The third of three (and counting) Merge housing projects on East Boston’s Marginal Street, this building is slightly separated from its I and II predecessors and tightly flanked by existing triple decker residential types. If the building’s materiality nods to the previous Marginal Street projects, its site constraints prompt an assembly of three distinct residential typologies all its own.
Two duplex units line the street and benefit from gracious south-facing balconies overlooking Boston harbor and skyline. Halfway into the site, two flats are oriented across the width of the building. Extending beyond the front units, each of these obtains slot water views from small balconies on the building’s scalloped eastern face. These four units hover over grade-level parking that responds to the site’s FEMA flood requirements. The sloping nature of the site allows the rearmost set of units – three, three-story townhomes – to sit on grade. Each benefits not only from balconies overlooking a private backyard, but water views from a rooftop deck.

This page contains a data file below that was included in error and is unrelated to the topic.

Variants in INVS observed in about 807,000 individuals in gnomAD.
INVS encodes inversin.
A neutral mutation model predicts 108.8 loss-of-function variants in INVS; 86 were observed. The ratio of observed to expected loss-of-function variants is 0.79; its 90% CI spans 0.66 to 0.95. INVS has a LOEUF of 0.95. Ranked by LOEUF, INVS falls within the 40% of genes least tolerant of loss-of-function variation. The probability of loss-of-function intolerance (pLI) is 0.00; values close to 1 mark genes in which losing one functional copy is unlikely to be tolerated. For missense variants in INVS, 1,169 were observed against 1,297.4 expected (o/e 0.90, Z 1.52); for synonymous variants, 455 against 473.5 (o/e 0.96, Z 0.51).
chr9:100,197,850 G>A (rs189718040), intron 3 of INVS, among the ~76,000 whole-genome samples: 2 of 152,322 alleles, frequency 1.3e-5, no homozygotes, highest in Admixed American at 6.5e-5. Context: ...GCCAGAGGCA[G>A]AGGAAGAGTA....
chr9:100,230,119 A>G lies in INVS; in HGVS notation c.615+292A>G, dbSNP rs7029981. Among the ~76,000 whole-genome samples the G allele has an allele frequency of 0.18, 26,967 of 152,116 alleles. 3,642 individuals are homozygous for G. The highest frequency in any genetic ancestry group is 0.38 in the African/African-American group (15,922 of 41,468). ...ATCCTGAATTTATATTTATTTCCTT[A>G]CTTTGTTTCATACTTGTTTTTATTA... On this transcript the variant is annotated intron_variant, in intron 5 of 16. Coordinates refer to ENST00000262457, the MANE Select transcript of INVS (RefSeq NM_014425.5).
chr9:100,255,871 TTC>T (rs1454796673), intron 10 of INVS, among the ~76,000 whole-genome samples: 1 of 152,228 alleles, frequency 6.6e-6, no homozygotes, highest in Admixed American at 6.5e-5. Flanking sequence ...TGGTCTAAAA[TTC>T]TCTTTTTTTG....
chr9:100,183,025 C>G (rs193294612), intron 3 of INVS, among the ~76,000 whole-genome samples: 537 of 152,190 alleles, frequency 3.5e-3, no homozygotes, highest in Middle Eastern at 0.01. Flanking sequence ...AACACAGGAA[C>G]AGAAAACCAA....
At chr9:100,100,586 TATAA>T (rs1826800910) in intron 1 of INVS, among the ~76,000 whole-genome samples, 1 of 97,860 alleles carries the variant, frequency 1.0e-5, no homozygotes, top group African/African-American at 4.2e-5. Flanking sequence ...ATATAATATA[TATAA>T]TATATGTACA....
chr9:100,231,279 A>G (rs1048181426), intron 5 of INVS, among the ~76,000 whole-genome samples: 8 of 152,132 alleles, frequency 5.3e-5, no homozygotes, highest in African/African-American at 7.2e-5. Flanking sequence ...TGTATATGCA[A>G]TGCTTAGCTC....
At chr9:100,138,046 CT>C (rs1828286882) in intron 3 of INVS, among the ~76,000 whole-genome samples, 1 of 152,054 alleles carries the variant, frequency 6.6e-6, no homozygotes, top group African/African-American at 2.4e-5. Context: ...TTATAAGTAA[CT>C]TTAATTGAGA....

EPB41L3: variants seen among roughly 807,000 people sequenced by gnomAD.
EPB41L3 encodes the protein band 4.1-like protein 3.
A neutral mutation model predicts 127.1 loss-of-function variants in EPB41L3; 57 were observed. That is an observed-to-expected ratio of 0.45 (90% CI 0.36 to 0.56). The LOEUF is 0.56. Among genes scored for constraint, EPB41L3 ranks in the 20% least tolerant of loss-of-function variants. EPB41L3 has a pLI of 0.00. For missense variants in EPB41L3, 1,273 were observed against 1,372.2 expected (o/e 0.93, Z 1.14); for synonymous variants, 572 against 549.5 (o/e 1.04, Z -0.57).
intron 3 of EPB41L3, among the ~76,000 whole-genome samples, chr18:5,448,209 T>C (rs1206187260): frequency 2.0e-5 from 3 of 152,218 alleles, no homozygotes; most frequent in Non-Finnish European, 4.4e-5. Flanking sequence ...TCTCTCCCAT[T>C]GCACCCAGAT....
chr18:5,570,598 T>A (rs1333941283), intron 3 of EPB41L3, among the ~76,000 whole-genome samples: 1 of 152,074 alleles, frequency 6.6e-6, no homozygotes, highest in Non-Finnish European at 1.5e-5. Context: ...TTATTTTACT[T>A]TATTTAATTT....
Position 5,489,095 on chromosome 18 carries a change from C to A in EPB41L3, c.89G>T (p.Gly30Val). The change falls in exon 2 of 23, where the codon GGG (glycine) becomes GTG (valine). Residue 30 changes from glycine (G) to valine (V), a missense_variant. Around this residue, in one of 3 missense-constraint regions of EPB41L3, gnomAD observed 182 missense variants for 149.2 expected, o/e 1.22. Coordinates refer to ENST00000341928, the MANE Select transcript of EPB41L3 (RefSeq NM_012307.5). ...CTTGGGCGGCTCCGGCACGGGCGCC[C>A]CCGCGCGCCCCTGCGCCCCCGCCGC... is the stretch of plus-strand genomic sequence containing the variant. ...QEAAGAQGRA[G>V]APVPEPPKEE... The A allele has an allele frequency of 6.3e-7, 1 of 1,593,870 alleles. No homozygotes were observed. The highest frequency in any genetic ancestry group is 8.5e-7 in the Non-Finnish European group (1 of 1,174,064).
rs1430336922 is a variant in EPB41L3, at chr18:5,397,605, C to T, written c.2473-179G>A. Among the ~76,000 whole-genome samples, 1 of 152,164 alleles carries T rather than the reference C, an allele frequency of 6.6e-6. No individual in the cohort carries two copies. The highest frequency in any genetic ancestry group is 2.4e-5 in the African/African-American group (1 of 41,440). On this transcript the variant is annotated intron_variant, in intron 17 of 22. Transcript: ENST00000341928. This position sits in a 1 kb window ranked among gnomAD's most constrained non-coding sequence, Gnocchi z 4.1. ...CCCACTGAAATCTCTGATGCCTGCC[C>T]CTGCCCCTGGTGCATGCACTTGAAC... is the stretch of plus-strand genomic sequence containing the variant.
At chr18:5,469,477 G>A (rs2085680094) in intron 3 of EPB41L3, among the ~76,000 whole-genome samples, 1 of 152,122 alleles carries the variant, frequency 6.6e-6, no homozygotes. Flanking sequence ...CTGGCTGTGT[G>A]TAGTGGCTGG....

The final form of the building is determined by this complex composition of units along with contextual callouts and innate craft conditions of its cladding. Alternating angles on the front floor plates accentuate the tripartite height, alluding to and aligning with the levels of adjacent triple deckers. While cedar balcony cutouts and ground level screens also reference these vernacular neighbors, inexpensive corrugated metal wraps the majority of the building. Vertically oriented, the pliable steel panels allow, indeed even prompted, the curving of corners. As a result the stepped eastern elevation becomes a series of sail-like scoops that smooth viewsheds and shape access to rear units.
In its palette and profile, the building poetically unifies disparate elements of the site: the steel of industrial shipyard structures to the west, the clapboard texture of surrounding triple deckers, the angular lines of Marginal Street Housing I and II, and the curvatures of barges and sailboats that step away into the harbor.